You’re best known to date as the author of children’s and YA books. How did that begin, and did you always plan to diversify?

I had always expected to write a book like Double Proof – then I began teaching English in secondary schools, and found I loved working with young people. This recalibrated my writing, which became focused on creating stories both for and about young people, using the voices around me in the classroom.My writing since has been diverse in both genre and audience: soggy Dickensian fantasy in Riverkeep; 80s comedy-horror in The Sacrifice Box; and whimsical heart-warming mysteries in the Bridget Vanderpuff series.

What unifies all this into a coherent body of work, I hope, is my voice – which has a lot to do with the rhythm of the sentences – and the use of humour. In that sense, the move to adult crime for Double Proof is a continuation of this diversity, and this one felt very natural – the cheerful belligerence of the Glaswegian character was a very comfortable fit! The biggest change was writing about Glasgow: previously I’ve always built my own worlds, and I was nervous about the constraints of real-life geography and place. But I absolutely loved it, and can’t wait to revisit Gould’s Glasgow.

Through your writing you have done a lot of work in schools. What is that experience like?

I love working in schools – as I write, I’m preparing for another week of events in local primaries, and looking forward to it enormously. It’s a privilege to write children’s fiction: nothing we read as adults can ever have the same impact – that same sense of discovery – as the books we read when we’re young. I cherish my role promoting reading for pleasure, and the pursuit of creative ambition, in schools.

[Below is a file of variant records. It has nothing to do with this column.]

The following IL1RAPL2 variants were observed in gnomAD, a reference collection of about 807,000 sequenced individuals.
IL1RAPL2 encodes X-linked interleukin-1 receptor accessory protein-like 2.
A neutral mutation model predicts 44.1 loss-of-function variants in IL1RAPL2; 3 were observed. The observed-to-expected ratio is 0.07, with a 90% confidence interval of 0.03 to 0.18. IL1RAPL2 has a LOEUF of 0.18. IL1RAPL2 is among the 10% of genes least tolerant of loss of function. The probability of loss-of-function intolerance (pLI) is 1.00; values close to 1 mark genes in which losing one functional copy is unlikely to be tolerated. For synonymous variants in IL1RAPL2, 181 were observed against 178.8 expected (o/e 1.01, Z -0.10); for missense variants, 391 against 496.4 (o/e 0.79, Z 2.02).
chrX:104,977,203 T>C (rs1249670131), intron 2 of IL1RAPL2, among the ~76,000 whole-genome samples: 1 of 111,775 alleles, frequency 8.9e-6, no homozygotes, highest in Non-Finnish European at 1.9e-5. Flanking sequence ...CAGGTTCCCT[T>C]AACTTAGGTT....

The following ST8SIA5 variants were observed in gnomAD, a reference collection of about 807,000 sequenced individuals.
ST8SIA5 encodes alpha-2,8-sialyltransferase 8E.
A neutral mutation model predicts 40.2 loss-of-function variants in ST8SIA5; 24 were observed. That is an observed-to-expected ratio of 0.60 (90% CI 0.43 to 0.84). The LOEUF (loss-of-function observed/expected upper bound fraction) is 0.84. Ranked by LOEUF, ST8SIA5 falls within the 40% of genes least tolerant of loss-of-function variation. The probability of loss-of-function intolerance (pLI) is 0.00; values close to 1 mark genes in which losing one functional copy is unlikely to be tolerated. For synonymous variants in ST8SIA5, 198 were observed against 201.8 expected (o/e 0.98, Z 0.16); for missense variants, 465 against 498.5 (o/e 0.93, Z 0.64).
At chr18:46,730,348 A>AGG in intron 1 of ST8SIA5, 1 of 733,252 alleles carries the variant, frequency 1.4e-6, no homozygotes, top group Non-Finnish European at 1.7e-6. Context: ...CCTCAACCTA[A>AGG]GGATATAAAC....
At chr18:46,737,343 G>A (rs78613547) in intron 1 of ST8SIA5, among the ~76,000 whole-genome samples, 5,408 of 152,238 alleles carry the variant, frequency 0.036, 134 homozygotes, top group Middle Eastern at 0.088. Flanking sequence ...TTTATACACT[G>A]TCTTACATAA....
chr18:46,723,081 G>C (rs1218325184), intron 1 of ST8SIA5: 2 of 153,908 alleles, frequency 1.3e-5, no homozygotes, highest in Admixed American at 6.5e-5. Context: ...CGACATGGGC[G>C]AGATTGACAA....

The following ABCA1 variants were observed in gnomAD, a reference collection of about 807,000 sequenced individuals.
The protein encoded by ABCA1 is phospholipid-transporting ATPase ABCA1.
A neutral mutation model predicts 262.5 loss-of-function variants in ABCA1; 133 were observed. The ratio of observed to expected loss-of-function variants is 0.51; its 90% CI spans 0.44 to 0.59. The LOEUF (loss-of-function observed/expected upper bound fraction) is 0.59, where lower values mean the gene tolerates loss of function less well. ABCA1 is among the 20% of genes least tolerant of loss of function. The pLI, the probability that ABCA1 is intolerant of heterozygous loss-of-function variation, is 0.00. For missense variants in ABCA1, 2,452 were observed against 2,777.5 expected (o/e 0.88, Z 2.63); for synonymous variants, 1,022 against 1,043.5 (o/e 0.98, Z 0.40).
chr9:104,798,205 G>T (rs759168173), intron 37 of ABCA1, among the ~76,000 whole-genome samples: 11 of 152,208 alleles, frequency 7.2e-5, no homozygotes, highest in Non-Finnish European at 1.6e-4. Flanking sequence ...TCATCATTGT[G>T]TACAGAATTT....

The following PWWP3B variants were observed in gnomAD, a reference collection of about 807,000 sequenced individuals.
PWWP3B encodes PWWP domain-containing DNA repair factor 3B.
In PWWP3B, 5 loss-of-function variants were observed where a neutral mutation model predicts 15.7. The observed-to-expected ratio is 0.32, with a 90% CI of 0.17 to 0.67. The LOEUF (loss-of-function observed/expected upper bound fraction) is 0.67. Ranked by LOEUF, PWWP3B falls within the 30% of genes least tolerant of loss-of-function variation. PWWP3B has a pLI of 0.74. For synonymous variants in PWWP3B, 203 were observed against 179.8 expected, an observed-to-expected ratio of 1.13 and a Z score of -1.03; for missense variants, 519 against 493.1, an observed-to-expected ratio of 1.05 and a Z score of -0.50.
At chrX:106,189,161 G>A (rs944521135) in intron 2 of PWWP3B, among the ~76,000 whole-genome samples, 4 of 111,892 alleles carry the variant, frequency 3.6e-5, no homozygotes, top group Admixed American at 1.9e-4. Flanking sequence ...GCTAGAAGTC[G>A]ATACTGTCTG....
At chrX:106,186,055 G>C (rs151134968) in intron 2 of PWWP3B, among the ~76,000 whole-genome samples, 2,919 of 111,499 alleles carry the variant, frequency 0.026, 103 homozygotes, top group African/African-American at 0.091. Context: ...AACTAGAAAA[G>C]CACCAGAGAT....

And the questions you get in primary schools are fantastic. Recent favourites include: ‘How old’s your dog?’ ‘What’s your favourite cereal?’ ‘Can you do a backflip?’ (For the record: eight, Weetos, absolutely not.)

Glasgow novels are in people’s thoughts at the moment after the critical success of Yorgos Lanthimos’ adaptation of Alasdair Gray’s Poor Things. Do you have favourite examples?

I loved Lanark, and really dwelt on its reflections on Glasgow (‘nobody ever imagines living here’ really stuck with me). A Big Boy Did It and Ran Away, by Chris Brookmyre, was a transformative book for me at a pivotal age: its elevation of quotidian spaces like the QM (at Glasgow University), tenement closes, Woodlands Road… the book’s geography was incredibly exciting to me, manifesting the rich creative possibilities of the world in which I already lived. Lobey Dosser’s statue appears in Double Proof as a wee hat tip to that story, which shaped me as a reader and as a writer.


Double Proof is published by Polygon Books

Main Photo Credit: Esther Morgan Photography